Ministry to put railway security measures in motion

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Passengers escape through the windows of a train at Kokuryo Station on the Keio Line in Chofu, Tokyo, on Oct. 31.

In response to a recent knife and arson attack on a Keio Line train while it was moving, the Land, Infrastructure, Transport and Tourism Ministry has compiled a number of measures to strengthen railway security, including the installation of on-board security cameras and conducting inspections of items riders carry onto trains.

Railway security measures have so far placed an emphasis on accident prevention, but efforts to prevent crime will also be required.

2 major security challenges

“We need a review of railway administrative procedures in line with the changing of the times,” Shuji Eguchi, assistant vice minister for engineering affairs (railway) of the ministry said at a Dec. 14 meeting to discuss specific security measures in response to the recent attack on the Keio Line.

The word “change” refers to the fact that in-train incidents have increased in recent years. There was an act of arson that took place on a Shinkansen train in 2015, while a knife attack occurred on another bullet train in 2018. The Oct. 31 attack on the Keio Line train shed light on the fact that enough security measures were not in place.

In the attack, a man carrying a knife stabbed another passenger, poured lighter fuel on the train and set it on fire. The rider who was stabbed suffered serious injuries, and 16 passengers suffered minor injuries such as smoke inhalation.

The first challenge is the delay in the detection of crimes. Installing security cameras on train cars is not mandatory, and no surveillance equipment was in the train car where the crime occurred.

There is an emergency alert system in the train car that allows passengers to talk to the conductor. However, in the midst of the incident, the emergency button was only pushed and no communication took place. As a result, the conductor was not able to fully grasp the gravity of the situation until directly asking passengers what happened.

The second security challenge is the evacuation of trains during emergencies. This particular train made an emergency stop at nearby Kokuryo Station, but railway personnel failed to promptly evacuate passengers because the train did not halt at the designated train-stop position. The train crew made the decision not to open the train car doors, in accordance with protocols that say passengers could be injured in such situations.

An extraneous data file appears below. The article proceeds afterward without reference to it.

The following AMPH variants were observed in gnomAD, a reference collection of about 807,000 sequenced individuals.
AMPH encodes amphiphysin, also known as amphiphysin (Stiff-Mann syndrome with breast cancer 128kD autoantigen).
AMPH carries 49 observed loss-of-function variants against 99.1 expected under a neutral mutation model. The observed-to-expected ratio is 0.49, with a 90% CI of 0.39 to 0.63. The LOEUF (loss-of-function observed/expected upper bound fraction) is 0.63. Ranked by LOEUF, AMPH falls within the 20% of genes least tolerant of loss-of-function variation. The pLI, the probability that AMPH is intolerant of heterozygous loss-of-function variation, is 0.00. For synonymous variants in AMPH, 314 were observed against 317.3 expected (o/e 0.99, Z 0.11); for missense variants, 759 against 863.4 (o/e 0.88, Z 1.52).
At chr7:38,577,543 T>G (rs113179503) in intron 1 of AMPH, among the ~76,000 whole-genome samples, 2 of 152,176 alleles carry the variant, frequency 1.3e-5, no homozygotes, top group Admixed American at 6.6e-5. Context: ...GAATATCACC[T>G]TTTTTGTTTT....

Because an emergency lever that allows passengers to manually open the train car doors was activated, a security device was also triggered, making it impossible to move the train into the proper stop position.

In the midst of the chaos, passengers escaped from the windows of the train.

Conventional security measures assume that the train crew and passengers can respond in a relatively cool-headed manner. Since there is no presumption of panic, Yoichi Kanayama, a professor at the University of Toyama on railway engineering, said crime is not at the forefront of planning.

“Historically, railway companies have put an emphasis on preparations for accidents and natural disasters, and they have not paid much attention to crime on trains,” he said.

Largely positive

Some of the new measures take into consideration the first security challenge — for instance, making installation of security cameras in newly built train cars mandatory and standardizing signs showing how to use emergency alert systems.

The ratio of security camera installations currently varies greatly among railway companies, while some surveillance equipment only has a recording function and does not constantly display images from inside trains. To address the situation, security cameras will be installed on all train cars and performance standards will be created for this form of monitoring.